Arizona Republican Rep. Paul Gosar – one of the leaders of the congressional inquiry into Operation Fast and Furious – told The Daily Caller he hopes Attorney General Eric Holder gets the message Congress sent him by holding him in criminal and civil contempt of Congress: give up the documents.
On Thursday the U.S. House of Representatives voted on a bipartisan basis to hold Holder in both criminal and civil contempt of Congress. Despite shrieks of partisan motivations from some Democratic leaders, more Democrats voted in favor of holding Holder in contempt than Republicans voted for President Barack Obama’s health care law.
Now, since Holder has been held in contempt, it’s been suggested that the House of Representatives could order his arrest. The Washington Times laid out the case on Friday for how the House could “revisit a long-dormant power and arrest” Holder.
Gosar, the lead sponsor on an official House resolution of “no confidence” in Holder, said he hopes it doesn’t get that far.
“It is my expectation that being held in contempt will be a wake-up call for Attorney General Holder,” Gosar told The Daily Caller. “I have long said this is not a witch hunt it is a hunt for answers and accountability. Holder would be both foolish and feckless to taunt Congress by ignoring this congressional investigation and the requests for information.”
“I don’t want the Attorney General in a jail cell sleeping on a cot,” Gosar added. “I want the information he has withheld from Congress and justice for the American and Mexican people.”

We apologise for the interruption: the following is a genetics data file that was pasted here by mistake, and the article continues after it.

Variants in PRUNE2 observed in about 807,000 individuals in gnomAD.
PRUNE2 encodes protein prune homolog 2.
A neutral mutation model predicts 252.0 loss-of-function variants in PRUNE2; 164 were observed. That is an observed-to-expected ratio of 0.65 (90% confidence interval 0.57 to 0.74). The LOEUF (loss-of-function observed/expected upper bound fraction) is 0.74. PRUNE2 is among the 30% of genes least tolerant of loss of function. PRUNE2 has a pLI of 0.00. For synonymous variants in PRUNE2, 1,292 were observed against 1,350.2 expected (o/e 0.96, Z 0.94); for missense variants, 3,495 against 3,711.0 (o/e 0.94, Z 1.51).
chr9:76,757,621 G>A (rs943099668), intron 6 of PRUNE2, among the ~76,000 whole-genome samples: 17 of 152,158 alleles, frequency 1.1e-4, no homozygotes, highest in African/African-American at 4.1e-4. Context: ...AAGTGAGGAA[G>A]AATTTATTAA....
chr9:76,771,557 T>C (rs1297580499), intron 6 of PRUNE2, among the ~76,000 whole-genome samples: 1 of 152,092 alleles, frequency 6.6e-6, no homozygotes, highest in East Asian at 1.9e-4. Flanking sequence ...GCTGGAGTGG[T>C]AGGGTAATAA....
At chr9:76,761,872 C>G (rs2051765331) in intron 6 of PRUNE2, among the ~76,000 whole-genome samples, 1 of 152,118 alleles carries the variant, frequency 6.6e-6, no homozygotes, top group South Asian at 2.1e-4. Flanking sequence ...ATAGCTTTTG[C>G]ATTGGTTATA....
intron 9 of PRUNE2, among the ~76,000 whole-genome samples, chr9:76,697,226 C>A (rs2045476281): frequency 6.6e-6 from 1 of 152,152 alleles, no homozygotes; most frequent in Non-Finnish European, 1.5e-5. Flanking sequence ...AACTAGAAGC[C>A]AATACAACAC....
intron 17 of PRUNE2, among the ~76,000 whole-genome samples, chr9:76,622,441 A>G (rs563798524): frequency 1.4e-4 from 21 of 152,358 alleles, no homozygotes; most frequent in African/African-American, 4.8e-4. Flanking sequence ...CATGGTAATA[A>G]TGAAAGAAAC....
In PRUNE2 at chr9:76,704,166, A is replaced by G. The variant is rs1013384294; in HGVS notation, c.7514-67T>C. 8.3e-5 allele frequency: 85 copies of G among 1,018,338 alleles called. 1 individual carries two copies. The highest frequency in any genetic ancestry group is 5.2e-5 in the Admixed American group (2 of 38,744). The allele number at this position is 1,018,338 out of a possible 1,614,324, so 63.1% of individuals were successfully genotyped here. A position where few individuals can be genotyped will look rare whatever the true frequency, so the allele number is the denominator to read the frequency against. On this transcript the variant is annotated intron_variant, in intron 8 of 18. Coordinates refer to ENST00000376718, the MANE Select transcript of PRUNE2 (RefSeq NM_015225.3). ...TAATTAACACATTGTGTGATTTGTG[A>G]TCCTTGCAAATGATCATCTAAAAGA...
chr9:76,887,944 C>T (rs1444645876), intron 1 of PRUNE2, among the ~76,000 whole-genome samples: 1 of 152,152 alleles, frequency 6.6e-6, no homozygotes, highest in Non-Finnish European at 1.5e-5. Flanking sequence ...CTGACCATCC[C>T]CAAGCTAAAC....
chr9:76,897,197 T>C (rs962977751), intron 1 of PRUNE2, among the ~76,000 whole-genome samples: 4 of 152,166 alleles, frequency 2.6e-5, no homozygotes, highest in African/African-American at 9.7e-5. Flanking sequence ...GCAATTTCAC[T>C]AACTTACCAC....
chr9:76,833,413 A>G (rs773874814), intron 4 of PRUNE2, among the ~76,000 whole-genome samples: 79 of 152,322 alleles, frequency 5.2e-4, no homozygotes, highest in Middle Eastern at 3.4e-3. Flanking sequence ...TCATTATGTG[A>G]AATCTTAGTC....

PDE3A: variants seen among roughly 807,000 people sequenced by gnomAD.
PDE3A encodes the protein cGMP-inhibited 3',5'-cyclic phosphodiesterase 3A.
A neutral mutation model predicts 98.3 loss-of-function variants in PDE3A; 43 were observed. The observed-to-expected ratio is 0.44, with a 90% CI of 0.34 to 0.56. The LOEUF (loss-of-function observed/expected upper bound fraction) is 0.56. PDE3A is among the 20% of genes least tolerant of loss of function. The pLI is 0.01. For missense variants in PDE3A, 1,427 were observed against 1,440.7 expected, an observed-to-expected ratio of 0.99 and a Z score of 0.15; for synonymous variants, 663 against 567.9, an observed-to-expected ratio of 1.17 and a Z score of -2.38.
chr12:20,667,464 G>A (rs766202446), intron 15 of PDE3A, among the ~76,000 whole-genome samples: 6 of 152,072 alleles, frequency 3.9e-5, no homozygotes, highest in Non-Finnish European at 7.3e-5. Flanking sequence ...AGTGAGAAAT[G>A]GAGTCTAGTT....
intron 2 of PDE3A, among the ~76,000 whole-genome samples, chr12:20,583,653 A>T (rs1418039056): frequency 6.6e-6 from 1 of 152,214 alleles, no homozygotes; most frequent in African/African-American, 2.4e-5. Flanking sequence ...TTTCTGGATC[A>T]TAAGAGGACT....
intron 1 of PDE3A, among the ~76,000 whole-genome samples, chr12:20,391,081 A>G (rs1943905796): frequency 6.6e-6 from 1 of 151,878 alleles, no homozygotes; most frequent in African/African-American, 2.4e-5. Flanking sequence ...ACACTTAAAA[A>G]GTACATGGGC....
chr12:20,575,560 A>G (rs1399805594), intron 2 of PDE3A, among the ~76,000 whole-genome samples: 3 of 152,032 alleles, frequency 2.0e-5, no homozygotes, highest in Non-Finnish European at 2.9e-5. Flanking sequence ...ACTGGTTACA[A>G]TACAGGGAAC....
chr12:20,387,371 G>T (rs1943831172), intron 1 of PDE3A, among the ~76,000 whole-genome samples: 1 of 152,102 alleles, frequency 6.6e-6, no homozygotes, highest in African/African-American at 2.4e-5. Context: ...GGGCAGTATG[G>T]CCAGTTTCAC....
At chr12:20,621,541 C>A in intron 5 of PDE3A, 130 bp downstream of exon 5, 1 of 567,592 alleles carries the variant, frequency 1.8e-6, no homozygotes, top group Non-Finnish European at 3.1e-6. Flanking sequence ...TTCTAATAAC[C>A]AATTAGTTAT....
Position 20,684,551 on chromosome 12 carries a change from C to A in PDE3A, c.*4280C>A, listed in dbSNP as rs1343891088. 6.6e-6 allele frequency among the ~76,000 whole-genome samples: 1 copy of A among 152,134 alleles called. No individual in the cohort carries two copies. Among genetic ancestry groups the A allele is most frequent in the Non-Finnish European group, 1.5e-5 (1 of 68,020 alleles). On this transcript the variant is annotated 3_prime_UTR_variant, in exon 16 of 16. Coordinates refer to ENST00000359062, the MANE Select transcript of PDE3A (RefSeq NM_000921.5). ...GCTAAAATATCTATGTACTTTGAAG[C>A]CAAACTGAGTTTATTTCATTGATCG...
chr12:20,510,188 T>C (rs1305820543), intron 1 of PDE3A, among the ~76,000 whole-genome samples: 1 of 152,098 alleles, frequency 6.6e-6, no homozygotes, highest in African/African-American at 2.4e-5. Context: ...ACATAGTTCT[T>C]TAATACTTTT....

On Friday, Roll Call revealed, too, that House oversight committee chairman Rep. Darrell Issa slipped more details about the Operation Fast and Furious wiretap application documents into the Congressional Record during Thursday’s debate.
Issa “quietly dropped a bombshell letter into the Congressional Record,” Roll Call’s Jonathan Strong writes about a May 24 letter Issa wrote to House oversight committee ranking Democratic member Rep. Elijah Cummings. Strong writes that the letter “quotes from and describes in detail a secret wiretap application” that Issa said “contained a startling amount of detail about the operation, which would have tipped off anyone who read them closely about what tactics were being used.”
“The application included details such as how many guns specific suspects had purchased via straw purchasers and how many of those guns had been recovered in Mexico,” Strong wrote. “It also described how ATF officials watched guns bought by suspected straw purchasers but then ended their surveillance without interdicting the guns. In at least one instance, the guns were recovered at a police stop at the U.S.-Mexico border the next day. The application included financial details for four suspected straw purchasers showing they had purchased $373,000 worth of guns in cash but reported almost no income for the previous year, the letter says.”